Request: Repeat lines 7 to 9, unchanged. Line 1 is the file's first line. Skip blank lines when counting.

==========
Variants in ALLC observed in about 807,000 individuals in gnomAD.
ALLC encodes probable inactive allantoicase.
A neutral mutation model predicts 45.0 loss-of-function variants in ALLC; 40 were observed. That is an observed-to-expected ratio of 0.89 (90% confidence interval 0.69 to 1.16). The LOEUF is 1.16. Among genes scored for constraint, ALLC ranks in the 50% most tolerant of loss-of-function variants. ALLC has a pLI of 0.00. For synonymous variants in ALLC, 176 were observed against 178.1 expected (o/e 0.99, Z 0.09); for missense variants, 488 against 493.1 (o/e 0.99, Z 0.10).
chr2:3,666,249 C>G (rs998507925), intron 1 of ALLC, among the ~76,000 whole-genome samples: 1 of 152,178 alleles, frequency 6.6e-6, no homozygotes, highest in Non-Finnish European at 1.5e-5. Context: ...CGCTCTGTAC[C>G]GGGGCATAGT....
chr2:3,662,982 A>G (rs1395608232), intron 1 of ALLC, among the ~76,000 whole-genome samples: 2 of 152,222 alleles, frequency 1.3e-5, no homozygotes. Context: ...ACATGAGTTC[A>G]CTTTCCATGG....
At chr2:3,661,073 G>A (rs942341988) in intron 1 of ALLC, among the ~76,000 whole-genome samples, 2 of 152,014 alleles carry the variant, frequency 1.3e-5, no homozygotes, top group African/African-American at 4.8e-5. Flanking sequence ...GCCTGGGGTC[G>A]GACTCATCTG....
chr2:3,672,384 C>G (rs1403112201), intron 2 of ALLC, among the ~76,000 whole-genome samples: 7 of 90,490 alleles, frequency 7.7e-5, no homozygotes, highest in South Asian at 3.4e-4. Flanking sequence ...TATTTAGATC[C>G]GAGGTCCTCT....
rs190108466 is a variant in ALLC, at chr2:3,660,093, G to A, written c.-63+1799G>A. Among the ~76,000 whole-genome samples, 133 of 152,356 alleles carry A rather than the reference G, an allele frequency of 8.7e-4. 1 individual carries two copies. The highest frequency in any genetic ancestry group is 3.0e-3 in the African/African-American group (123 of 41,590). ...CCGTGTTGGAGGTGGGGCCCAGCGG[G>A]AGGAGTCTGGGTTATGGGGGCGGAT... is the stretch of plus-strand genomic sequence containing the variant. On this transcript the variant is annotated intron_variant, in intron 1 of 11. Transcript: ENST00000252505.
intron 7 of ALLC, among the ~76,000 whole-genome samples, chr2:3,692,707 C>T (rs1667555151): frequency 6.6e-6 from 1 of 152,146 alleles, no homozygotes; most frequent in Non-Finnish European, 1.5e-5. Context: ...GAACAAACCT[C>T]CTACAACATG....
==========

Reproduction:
chr2:3,672,384 C>G (rs1403112201), intron 2 of ALLC, among the ~76,000 whole-genome samples: 7 of 90,490 alleles, frequency 7.7e-5, no homozygotes, highest in South Asian at 3.4e-4. Flanking sequence ...TATTTAGATC[C>G]GAGGTCCTCT....
rs190108466 is a variant in ALLC, at chr2:3,660,093, G to A, written c.-63+1799G>A. Among the ~76,000 whole-genome samples, 133 of 152,356 alleles carry A rather than the reference G, an allele frequency of 8.7e-4. 1 individual carries two copies. The highest frequency in any genetic ancestry group is 3.0e-3 in the African/African-American group (123 of 41,590). ...CCGTGTTGGAGGTGGGGCCCAGCGG[G>A]AGGAGTCTGGGTTATGGGGGCGGAT... is the stretch of plus-strand genomic sequence containing the variant. On this transcript the variant is annotated intron_variant, in intron 1 of 11. Transcript: ENST00000252505.
intron 7 of ALLC, among the ~76,000 whole-genome samples, chr2:3,692,707 C>T (rs1667555151): frequency 6.6e-6 from 1 of 152,146 alleles, no homozygotes; most frequent in Non-Finnish European, 1.5e-5. Context: ...GAACAAACCT[C>T]CTACAACATG....